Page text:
At separation West Vancouver assumed $156,000 of North Vancouver’s debt of $54,300,000 (a heavy load for a population of 700). The debt was accumulated for development costs and services.

By the end of 1912 the school population was 44.

The Council tried to encourage industry (fish canneries, logging).

The Clachan hotel is built by the Stevenson sisters at the east side of 25th Street and the waterfront.

David Rogers built a timber mill above McNairs upper camp and the Walking Dudley’s track was extended to serve the mill.


The Conservative Hall is built at Dundarave.

The first classes for children in the Dundarave area were held in the Conservative Hall with Miss MacKay as the principal, they moved into a new two-room schoolhouse in 1918 at the site of Altamont Hospital.

A two-room schoolhouse called Hollyburn is built and Miss Lillian Smith became principal.

In July the ferry service moved to the foot of 14th Street, where a new pier, freight shed and ticket office were built. (Today the ticket office is known as the Ferry Building Gallery).

The first St. Stephens Church was built.

Campbell and O’Conner opened a lumber mill at 3rd Street and Mathers.

F.W. Cardinell Shingle Mill builds at 27th Street and Marine.


The Pacific Great Eastern (P.G.E.) passenger service had its first run to Dundarave on January 1. On January 2 the train derailed at 24th Street.

The original Methodist Church was located at 2200 Fulton.

A pier was built at Dundarave to provide transportation for those living in the area.

McNair and Fraser Lumber Co. ceased to operate.

Hollyburn Lumber Company opened a mill at 14th Street and Fulton.


Marine Drive to Caulfeild was officially opened.


The Dundarave pier built in 1914 was not well used and was discontinued in favour of a bus system. The bus service was inaugurated to 25th Street, the bus held 12 people and ran on an hourly basis.


Logging was still a major industry with seven operators and several small contractors establishing shingle mills, lumber mills and logging operations in West Vancouver.


The Council decided to obtain foreshore rights in Horseshoe Bay, Copper Cove and Fisherman’s Cove. The Council now wanted to control all the foreshores and faced the problem of expropriating established housing.

A 10,877 – foot timber flume was built from the McNair, Fraser Lumber Co. mill on Hollyburn Ridge to the P.G.E. Station at Sharon Drive.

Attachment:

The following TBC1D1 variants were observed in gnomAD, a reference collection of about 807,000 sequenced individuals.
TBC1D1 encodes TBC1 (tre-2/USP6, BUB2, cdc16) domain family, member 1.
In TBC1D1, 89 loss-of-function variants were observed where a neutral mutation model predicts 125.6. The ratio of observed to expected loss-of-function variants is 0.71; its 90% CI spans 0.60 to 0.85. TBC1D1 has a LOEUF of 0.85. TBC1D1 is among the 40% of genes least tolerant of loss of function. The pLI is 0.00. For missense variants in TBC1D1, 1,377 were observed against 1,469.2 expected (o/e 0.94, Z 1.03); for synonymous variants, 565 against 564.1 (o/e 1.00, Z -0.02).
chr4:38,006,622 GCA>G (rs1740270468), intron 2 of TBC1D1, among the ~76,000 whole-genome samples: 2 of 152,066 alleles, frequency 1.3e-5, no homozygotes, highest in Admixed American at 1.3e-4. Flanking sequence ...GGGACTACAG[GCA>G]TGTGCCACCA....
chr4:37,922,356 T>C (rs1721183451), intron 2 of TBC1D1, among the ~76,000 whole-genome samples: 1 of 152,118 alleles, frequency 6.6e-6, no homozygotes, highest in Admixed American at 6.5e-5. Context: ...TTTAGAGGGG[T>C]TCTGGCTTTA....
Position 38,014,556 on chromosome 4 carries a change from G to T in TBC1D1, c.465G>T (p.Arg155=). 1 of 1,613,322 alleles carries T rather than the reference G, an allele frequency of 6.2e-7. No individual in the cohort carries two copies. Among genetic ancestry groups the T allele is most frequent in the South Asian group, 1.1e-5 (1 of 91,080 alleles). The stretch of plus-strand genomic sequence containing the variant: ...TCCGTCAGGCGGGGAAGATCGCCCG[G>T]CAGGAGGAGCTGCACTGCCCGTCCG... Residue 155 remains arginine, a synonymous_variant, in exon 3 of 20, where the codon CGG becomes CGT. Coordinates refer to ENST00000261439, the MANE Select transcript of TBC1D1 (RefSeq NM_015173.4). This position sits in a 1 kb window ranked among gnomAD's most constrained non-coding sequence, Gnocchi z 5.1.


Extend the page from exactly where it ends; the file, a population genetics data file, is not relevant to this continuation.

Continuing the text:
1918 to 1920

The number of schools was growing with the opening of Cypress Park School and the 22nd Street School (Pauline Johnson).


The West Vancouver Courier, the first regularly published paper came into existence. It was printed until 1921.


A one-roomed school in a rented private house was opened in the Whyte Cliff area.


The introduction of electric power, before this time coal, oil lamps, wood stoves were used.

Skiing on Hollyburn Mountain was started by three Scandinavians who used the deserted logging bunkhouses as their cabins. The area around the cabins had been previously logged and provided open areas for cross-country skiing. By the late 1920’s they had moved up the hill to ski camps at First Lake. A ski jump was also built on the east side of First Lake.


A new St. Stephens Church was built. The old church became the parish hall. A small amount of logging continued as an element of land clearing.


The Council initiated the Town Planning Act and zoning By-laws to ensure a quality residential area free of major industry. West Vancouver becomes a strictly residential community.

The Library was moved from its old home, in Gemmill’s Drug Store on the corner of 14th Street and Bellevue to a more modern home at the corner of 14th Street and Marine.

Hollyburn Theatre opened with five vaudeville acts and a “Great War Play” entitled ‘The Dark Angel’.

A large single mill was demolished to clear a site for the Inglewood School.


Gleneagles Golf Course opened.

Hollyburn Pacific Ski Club was formed.

Inglewood School was opened as the West Vancouver High School.

The first apartment block was built in West Vancouver, called “Appleton Court”. (The west end of the current West Vancouver Municipal Hall is situated on this property at 17th Street and Esquimalt.


The British Pacific Properties Limited company was formed.

The Sewell family arrived in Horseshoe Bay to set up a boat rental business.

The first May Day was celebrated in West Vancouver and the first Queen, Peggy Barker was chosen. May Day continued until 1973.


Lions Gate Bridge opened to traffic. The official opening in 1939 was presided over by H.M. King George VI.

The population of West Vancouver at that time was 8,324.